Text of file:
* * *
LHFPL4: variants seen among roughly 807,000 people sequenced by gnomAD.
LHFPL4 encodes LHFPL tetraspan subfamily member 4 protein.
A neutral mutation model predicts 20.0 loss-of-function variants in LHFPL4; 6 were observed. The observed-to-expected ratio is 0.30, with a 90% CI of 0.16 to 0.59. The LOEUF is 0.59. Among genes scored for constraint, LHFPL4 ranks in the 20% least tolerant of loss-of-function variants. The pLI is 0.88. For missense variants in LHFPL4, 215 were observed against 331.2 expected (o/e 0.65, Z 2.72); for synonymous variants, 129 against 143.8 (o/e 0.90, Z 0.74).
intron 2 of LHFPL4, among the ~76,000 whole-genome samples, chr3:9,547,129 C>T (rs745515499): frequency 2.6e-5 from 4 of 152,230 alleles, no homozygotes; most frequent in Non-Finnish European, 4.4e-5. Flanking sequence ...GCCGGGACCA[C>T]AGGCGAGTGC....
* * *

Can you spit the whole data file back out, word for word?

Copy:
LHFPL4: variants seen among roughly 807,000 people sequenced by gnomAD.
LHFPL4 encodes LHFPL tetraspan subfamily member 4 protein.
A neutral mutation model predicts 20.0 loss-of-function variants in LHFPL4; 6 were observed. The observed-to-expected ratio is 0.30, with a 90% CI of 0.16 to 0.59. The LOEUF is 0.59. Among genes scored for constraint, LHFPL4 ranks in the 20% least tolerant of loss-of-function variants. The pLI is 0.88. For missense variants in LHFPL4, 215 were observed against 331.2 expected (o/e 0.65, Z 2.72); for synonymous variants, 129 against 143.8 (o/e 0.90, Z 0.74).
intron 2 of LHFPL4, among the ~76,000 whole-genome samples, chr3:9,547,129 C>T (rs745515499): frequency 2.6e-5 from 4 of 152,230 alleles, no homozygotes; most frequent in Non-Finnish European, 4.4e-5. Flanking sequence ...GCCGGGACCA[C>T]AGGCGAGTGC....